Reversal test

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The reversal test is a heuristic designed to spot and eliminate the status quo bias.

The reversal test[edit]

The reversal test was introduced in the context of the bioethics of human enhancement by Nick Bostrom and Toby Ord.[1] Given that humans might suffer from irrational status quo bias, how can one distinguish between valid criticisms of proposed increase in some human trait and criticisms merely motivated by resistance to change? The reversal test attempts to do this by asking whether it would be a good thing if the trait was decreased: An example given is that if someone objects that an increase in intelligence would be a bad thing due to more dangerous weapons being made etc., the objector to that position would then ask "Shouldn't we decrease intelligence then?"

"Reversal Test: When a proposal to change a certain parameter is thought to have bad overall consequences, consider a change to the same parameter in the opposite direction. If this is also thought to have bad overall consequences, then the onus is on those who reach these conclusions to explain why our position cannot be improved through changes to this parameter. If they are unable to do so, then we have reason to suspect that they suffer from status quo bias." (p. 664)

Ideally the test will help reveal whether status quo bias is an important causal factor in the initial judgement.

A similar thought experiment in regards to dampening traumatic memories was described by Adam J. Kolber, imagining whether aliens naturally resistant to traumatic memories should adopt traumatic "memory enhancement".[2] The "trip to reality" rebuttal to Nozick's experience machine thought experiment (where one's entire current life is shown to be a simulation and one is offered to return to reality) can also be seen as a form of reversal test.[3]

Double reversal test[edit]

A further elaboration on the reversal test is suggested as the double reversal test:

"Double Reversal Test: Suppose it is thought that increasing a certain parameter and decreasing it would both have bad overall consequences. Consider a scenario in which a natural factor threatens to move the parameter in one direction and ask whether it would be good to counterbalance this change by an intervention to preserve the status quo. If so, consider a later time when the naturally occurring factor is about to vanish and ask whether it would be a good idea to intervene to reverse the first intervention. If not, then there is a strong prima facie case for thinking that it would be good to make the first intervention even in the absence of the natural countervailing factor." (p. 673)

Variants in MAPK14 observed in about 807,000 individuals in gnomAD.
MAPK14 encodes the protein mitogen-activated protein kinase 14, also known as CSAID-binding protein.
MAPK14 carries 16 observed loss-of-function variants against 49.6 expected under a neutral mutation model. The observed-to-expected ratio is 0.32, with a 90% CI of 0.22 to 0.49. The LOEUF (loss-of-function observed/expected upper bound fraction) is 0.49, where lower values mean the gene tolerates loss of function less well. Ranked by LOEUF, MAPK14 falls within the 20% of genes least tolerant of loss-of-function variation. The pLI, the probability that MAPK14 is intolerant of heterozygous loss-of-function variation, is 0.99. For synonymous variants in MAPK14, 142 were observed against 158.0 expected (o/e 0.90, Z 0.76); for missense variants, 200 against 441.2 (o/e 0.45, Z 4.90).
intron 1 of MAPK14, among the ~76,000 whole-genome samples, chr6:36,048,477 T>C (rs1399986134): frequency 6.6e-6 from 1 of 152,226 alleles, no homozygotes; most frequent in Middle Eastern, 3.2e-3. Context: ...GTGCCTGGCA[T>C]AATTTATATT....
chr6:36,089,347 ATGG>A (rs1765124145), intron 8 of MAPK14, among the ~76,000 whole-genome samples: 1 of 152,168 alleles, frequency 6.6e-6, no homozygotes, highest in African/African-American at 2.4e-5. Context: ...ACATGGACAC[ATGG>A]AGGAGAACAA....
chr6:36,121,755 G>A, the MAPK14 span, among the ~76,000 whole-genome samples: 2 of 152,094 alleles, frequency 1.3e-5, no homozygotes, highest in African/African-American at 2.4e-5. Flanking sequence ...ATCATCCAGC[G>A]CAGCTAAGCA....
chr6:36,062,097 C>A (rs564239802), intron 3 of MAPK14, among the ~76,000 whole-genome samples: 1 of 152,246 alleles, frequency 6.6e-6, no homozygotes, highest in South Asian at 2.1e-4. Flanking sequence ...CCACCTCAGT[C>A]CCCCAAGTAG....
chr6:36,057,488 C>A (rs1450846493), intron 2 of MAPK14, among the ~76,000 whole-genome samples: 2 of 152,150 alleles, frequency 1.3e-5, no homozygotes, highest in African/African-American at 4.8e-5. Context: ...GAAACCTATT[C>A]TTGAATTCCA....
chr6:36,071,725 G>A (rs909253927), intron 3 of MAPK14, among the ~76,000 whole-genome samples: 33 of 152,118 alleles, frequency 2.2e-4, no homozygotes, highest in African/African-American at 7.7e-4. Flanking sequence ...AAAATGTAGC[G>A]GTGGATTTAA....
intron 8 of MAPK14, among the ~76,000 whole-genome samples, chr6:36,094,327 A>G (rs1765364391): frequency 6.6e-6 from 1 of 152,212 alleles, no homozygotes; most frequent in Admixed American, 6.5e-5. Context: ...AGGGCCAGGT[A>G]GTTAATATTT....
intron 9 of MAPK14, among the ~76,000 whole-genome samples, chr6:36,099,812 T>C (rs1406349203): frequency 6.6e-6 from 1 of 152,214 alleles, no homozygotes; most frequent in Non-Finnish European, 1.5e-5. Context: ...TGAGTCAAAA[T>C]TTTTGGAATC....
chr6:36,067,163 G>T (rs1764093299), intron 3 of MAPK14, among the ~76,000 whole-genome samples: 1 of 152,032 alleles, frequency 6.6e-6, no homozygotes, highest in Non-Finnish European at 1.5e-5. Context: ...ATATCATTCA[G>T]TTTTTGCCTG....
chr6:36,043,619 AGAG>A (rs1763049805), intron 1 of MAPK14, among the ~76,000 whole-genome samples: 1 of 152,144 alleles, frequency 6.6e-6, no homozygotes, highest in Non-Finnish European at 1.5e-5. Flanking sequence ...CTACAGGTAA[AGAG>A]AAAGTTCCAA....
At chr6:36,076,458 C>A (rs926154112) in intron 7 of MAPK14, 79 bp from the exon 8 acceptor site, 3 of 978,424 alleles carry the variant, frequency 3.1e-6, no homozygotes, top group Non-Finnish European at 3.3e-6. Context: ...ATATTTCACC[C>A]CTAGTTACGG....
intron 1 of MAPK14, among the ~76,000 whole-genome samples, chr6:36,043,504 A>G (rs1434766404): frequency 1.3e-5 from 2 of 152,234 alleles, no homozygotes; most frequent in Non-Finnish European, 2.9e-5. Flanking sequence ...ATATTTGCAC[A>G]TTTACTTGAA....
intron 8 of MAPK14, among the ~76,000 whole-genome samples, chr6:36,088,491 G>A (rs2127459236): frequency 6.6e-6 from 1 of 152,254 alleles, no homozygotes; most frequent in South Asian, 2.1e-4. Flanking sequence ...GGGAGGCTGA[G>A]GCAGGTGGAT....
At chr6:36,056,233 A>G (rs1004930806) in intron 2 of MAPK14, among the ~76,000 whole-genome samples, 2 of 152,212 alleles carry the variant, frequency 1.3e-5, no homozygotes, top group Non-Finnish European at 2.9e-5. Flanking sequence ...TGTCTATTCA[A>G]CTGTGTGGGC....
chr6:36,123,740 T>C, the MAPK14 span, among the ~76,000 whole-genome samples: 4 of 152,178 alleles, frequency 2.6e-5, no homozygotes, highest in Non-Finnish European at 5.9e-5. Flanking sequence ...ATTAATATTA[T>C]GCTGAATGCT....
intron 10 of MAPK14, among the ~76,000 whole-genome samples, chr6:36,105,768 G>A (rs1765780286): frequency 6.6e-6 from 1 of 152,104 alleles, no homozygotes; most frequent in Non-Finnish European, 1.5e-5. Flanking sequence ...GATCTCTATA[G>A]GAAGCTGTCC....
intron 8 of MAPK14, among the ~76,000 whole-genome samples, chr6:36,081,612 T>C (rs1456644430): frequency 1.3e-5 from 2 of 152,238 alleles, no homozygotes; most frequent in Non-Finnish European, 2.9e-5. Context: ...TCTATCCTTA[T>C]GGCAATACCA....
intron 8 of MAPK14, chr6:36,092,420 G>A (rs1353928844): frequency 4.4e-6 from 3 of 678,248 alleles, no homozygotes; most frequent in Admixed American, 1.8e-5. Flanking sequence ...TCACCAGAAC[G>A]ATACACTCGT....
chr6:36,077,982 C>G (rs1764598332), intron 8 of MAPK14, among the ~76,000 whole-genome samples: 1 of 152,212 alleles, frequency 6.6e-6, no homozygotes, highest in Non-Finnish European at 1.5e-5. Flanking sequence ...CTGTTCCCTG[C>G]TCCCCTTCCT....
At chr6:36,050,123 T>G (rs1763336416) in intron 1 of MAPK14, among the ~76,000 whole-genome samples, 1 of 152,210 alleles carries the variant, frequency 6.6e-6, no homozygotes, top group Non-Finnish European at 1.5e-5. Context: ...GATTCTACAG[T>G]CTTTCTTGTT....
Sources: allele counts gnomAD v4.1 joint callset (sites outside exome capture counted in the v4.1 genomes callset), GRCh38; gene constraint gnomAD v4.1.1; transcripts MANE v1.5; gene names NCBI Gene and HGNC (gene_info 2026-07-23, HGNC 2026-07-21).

In this case the status quo bias is turned against itself, hopefully reducing its impact on the reasoning. It also handles possible arguments from evolutionary adaptation, transition costs, risk, and person-affecting morality that might otherwise complicate the simple reversal test.


Alfred Nordmann argues that the simple reversal test merely erects a straw-man argument in favour of enhancement. He also claims that both tests ignore approaches that are neither consequentialist nor deontological, plus that one cannot view humans as collections of parameters that can be optimized separately or without regard to their history.[4]

Christian Weidemann similarly argues that the double reversal test can muddy the water; weighing transition costs versus benefits might be the relevant practical ethical question in much future enhancement analysis.[5]


  1. ^ Nick Bostrom, Toby Ord (2006). "The reversal test: eliminating status quo bias in applied ethics". Ethics (University of Chicago Press) 116 (4): 656–679.
  2. ^ Kolber, Adam J., Therapeutic Forgetting: The Legal and Ethical Implications of Memory Dampening. Vanderbilt Law Review, Vol. 59, p. 1561, 2006; San Diego Legal Studies Paper No. 07-37
  3. ^ Dan Weijers, Intuitive Biases in Judgments about Thought Experiments: the Experience Machine Revisited, Philosophical Writings, No. 50 & No. 51, Summer & Autumn 2011
  4. ^ Alfred Nordmann, If and Then: A Critique of Speculative NanoEthics, Nanoethics (2007) 1:31–46
  5. ^ Christian Weidemann, Towards a Heuristic for Nanoethics: The Onus of Proof in Applied Ethics. Uncovering Status Quo and Other Biases. In Size Matters: Ethical, Legal and Social Aspects of Nanbiotechnology and Nanomedicine, Johann S. Ach, Christian Weidemann (eds.), LIT Verlag Münster 2009 (pp. 126–127)